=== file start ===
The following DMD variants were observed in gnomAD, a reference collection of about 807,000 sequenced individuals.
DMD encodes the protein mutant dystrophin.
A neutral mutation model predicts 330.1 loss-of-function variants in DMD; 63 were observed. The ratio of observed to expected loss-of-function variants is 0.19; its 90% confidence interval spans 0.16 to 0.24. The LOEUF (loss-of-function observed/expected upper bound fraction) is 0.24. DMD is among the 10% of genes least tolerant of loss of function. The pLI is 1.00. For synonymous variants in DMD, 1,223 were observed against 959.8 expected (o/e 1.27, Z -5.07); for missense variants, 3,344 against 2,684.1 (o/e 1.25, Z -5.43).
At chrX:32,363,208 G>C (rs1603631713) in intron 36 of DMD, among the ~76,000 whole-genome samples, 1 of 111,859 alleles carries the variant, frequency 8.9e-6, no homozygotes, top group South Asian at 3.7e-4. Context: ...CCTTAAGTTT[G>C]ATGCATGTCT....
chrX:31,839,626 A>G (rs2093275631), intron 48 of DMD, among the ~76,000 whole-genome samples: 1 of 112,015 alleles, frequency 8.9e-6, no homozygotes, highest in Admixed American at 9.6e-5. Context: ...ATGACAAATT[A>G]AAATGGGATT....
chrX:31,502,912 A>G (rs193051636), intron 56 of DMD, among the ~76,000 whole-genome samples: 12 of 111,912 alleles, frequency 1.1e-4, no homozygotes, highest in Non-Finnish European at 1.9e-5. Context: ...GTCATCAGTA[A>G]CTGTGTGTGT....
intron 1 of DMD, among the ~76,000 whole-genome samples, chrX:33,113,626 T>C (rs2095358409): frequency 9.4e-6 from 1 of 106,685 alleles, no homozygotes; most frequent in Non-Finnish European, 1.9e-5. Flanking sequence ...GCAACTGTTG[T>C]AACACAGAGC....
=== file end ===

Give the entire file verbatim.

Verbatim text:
The following DMD variants were observed in gnomAD, a reference collection of about 807,000 sequenced individuals.
DMD encodes the protein mutant dystrophin.
A neutral mutation model predicts 330.1 loss-of-function variants in DMD; 63 were observed. The ratio of observed to expected loss-of-function variants is 0.19; its 90% confidence interval spans 0.16 to 0.24. The LOEUF (loss-of-function observed/expected upper bound fraction) is 0.24. DMD is among the 10% of genes least tolerant of loss of function. The pLI is 1.00. For synonymous variants in DMD, 1,223 were observed against 959.8 expected (o/e 1.27, Z -5.07); for missense variants, 3,344 against 2,684.1 (o/e 1.25, Z -5.43).
At chrX:32,363,208 G>C (rs1603631713) in intron 36 of DMD, among the ~76,000 whole-genome samples, 1 of 111,859 alleles carries the variant, frequency 8.9e-6, no homozygotes, top group South Asian at 3.7e-4. Context: ...CCTTAAGTTT[G>C]ATGCATGTCT....
chrX:31,839,626 A>G (rs2093275631), intron 48 of DMD, among the ~76,000 whole-genome samples: 1 of 112,015 alleles, frequency 8.9e-6, no homozygotes, highest in Admixed American at 9.6e-5. Context: ...ATGACAAATT[A>G]AAATGGGATT....
chrX:31,502,912 A>G (rs193051636), intron 56 of DMD, among the ~76,000 whole-genome samples: 12 of 111,912 alleles, frequency 1.1e-4, no homozygotes, highest in Non-Finnish European at 1.9e-5. Context: ...GTCATCAGTA[A>G]CTGTGTGTGT....
intron 1 of DMD, among the ~76,000 whole-genome samples, chrX:33,113,626 T>C (rs2095358409): frequency 9.4e-6 from 1 of 106,685 alleles, no homozygotes; most frequent in Non-Finnish European, 1.9e-5. Flanking sequence ...GCAACTGTTG[T>C]AACACAGAGC....